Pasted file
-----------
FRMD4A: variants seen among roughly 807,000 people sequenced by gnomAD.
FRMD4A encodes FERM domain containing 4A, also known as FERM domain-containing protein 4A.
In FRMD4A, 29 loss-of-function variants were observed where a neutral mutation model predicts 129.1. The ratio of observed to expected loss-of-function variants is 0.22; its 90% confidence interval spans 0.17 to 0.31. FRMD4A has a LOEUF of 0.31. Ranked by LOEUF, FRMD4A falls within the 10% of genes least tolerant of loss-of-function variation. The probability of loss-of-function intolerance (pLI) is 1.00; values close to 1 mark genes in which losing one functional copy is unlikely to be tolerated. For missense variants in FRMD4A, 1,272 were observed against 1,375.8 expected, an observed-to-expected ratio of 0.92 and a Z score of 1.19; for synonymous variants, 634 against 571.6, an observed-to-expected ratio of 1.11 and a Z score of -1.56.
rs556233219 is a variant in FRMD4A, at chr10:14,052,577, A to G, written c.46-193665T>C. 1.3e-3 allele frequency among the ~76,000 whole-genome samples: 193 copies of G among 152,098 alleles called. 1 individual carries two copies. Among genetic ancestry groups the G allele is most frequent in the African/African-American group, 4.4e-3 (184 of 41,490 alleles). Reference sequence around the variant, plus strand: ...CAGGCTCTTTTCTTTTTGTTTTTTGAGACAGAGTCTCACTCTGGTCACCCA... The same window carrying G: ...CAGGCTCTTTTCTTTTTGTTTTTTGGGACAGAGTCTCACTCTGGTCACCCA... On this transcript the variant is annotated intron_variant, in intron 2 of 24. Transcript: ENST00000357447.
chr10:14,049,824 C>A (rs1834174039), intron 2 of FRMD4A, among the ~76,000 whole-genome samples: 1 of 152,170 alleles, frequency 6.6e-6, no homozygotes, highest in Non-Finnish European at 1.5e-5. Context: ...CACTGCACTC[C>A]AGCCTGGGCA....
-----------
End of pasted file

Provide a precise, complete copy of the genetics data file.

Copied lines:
FRMD4A: variants seen among roughly 807,000 people sequenced by gnomAD.
FRMD4A encodes FERM domain containing 4A, also known as FERM domain-containing protein 4A.
In FRMD4A, 29 loss-of-function variants were observed where a neutral mutation model predicts 129.1. The ratio of observed to expected loss-of-function variants is 0.22; its 90% confidence interval spans 0.17 to 0.31. FRMD4A has a LOEUF of 0.31. Ranked by LOEUF, FRMD4A falls within the 10% of genes least tolerant of loss-of-function variation. The probability of loss-of-function intolerance (pLI) is 1.00; values close to 1 mark genes in which losing one functional copy is unlikely to be tolerated. For missense variants in FRMD4A, 1,272 were observed against 1,375.8 expected, an observed-to-expected ratio of 0.92 and a Z score of 1.19; for synonymous variants, 634 against 571.6, an observed-to-expected ratio of 1.11 and a Z score of -1.56.
rs556233219 is a variant in FRMD4A, at chr10:14,052,577, A to G, written c.46-193665T>C. 1.3e-3 allele frequency among the ~76,000 whole-genome samples: 193 copies of G among 152,098 alleles called. 1 individual carries two copies. Among genetic ancestry groups the G allele is most frequent in the African/African-American group, 4.4e-3 (184 of 41,490 alleles). Reference sequence around the variant, plus strand: ...CAGGCTCTTTTCTTTTTGTTTTTTGAGACAGAGTCTCACTCTGGTCACCCA... The same window carrying G: ...CAGGCTCTTTTCTTTTTGTTTTTTGGGACAGAGTCTCACTCTGGTCACCCA... On this transcript the variant is annotated intron_variant, in intron 2 of 24. Transcript: ENST00000357447.
chr10:14,049,824 C>A (rs1834174039), intron 2 of FRMD4A, among the ~76,000 whole-genome samples: 1 of 152,170 alleles, frequency 6.6e-6, no homozygotes, highest in Non-Finnish European at 1.5e-5. Context: ...CACTGCACTC[C>A]AGCCTGGGCA....